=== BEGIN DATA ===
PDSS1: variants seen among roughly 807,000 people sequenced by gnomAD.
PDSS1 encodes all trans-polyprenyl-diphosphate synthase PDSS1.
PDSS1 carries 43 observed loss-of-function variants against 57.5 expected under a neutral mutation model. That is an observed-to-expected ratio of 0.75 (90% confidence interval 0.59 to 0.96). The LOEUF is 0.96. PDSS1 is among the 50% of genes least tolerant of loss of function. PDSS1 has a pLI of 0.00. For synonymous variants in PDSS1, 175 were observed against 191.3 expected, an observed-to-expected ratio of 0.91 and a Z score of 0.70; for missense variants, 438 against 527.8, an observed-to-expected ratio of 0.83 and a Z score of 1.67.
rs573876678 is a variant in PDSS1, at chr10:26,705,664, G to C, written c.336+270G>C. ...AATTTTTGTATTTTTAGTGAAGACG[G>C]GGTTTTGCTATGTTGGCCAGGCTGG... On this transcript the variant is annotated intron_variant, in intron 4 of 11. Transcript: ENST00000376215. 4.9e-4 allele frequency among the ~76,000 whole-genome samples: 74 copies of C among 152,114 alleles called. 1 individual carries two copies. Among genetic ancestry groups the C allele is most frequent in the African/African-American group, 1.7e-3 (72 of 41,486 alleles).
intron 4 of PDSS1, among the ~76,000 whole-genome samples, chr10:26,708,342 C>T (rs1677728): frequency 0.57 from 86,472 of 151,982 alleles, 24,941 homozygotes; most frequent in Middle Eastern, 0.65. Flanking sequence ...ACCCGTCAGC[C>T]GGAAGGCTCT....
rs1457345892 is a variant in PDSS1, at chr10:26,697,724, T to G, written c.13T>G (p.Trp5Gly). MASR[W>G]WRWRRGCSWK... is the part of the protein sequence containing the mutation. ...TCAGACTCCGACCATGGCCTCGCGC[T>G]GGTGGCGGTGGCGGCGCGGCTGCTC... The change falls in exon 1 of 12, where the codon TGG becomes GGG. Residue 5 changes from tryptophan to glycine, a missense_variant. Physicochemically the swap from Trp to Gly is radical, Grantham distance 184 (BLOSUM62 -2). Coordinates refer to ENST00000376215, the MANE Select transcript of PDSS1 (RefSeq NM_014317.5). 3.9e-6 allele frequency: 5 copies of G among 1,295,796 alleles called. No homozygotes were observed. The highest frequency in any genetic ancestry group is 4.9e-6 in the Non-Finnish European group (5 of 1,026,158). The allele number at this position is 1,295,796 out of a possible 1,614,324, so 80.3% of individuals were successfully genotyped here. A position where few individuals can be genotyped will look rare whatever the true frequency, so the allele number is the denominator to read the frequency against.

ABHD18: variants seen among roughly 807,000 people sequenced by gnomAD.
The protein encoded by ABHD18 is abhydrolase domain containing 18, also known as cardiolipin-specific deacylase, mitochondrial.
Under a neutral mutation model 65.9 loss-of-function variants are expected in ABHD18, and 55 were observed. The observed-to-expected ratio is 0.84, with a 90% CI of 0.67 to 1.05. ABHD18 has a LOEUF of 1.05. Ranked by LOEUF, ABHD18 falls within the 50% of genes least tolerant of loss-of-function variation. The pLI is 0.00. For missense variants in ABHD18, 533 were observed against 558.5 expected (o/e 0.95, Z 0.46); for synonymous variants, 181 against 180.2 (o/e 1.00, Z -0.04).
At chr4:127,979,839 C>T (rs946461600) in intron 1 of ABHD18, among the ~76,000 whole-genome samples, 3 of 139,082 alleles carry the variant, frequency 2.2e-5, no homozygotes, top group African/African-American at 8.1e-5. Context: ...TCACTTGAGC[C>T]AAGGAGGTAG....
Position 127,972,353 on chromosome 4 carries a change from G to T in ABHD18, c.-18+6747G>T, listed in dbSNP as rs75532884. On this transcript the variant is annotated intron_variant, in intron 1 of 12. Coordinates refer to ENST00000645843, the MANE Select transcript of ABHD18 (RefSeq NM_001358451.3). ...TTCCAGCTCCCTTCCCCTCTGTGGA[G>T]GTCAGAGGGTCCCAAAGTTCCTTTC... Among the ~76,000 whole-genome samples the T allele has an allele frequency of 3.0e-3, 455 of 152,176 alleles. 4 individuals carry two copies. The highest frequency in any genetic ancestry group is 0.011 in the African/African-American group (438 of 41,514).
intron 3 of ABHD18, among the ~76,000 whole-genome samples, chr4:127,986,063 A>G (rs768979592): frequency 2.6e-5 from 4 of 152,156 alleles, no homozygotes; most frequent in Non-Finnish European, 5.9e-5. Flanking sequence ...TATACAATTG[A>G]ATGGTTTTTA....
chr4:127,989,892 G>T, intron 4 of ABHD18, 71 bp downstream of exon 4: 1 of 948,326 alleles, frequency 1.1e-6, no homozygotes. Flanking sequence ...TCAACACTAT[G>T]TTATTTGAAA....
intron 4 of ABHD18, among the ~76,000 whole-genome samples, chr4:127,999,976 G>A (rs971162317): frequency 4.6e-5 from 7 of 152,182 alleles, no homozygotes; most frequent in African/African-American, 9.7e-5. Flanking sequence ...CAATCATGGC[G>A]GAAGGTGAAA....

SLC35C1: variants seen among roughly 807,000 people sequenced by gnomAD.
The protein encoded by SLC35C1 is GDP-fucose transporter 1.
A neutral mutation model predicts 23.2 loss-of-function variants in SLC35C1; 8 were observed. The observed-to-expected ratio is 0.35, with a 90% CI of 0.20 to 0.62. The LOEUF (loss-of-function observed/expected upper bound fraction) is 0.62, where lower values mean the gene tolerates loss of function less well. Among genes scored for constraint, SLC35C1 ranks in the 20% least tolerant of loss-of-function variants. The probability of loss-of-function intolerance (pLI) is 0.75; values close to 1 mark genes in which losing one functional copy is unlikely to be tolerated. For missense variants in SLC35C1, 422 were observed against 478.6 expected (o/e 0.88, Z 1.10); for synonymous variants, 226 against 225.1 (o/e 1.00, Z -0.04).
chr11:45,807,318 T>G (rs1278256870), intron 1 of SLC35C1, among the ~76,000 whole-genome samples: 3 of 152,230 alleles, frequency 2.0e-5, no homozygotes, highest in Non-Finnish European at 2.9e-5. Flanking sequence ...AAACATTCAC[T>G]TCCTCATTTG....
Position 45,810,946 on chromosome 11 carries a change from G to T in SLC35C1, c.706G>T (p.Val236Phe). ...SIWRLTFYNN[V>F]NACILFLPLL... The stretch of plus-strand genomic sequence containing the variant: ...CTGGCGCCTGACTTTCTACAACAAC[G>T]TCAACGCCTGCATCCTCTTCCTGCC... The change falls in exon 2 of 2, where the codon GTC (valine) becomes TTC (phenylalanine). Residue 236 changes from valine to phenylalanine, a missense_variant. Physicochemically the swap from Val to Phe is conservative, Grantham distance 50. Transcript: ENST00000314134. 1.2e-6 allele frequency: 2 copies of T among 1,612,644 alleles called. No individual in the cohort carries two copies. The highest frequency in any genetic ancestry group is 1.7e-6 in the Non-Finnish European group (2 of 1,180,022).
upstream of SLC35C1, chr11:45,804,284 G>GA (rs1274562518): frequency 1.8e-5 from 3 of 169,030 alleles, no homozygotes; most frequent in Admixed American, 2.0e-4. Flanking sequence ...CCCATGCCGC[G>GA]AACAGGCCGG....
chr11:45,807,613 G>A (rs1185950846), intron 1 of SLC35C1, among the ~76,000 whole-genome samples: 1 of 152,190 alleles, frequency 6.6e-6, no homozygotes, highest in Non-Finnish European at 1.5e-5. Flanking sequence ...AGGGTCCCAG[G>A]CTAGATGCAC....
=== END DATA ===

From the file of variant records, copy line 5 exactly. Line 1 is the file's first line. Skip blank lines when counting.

intron 4 of PDSS1, among the ~76,000 whole-genome samples, chr10:26,708,342 C>T (rs1677728): frequency 0.57 from 86,472 of 151,982 alleles, 24,941 homozygotes; most frequent in Middle Eastern, 0.65. Flanking sequence ...ACCCGTCAGC[C>T]GGAAGGCTCT....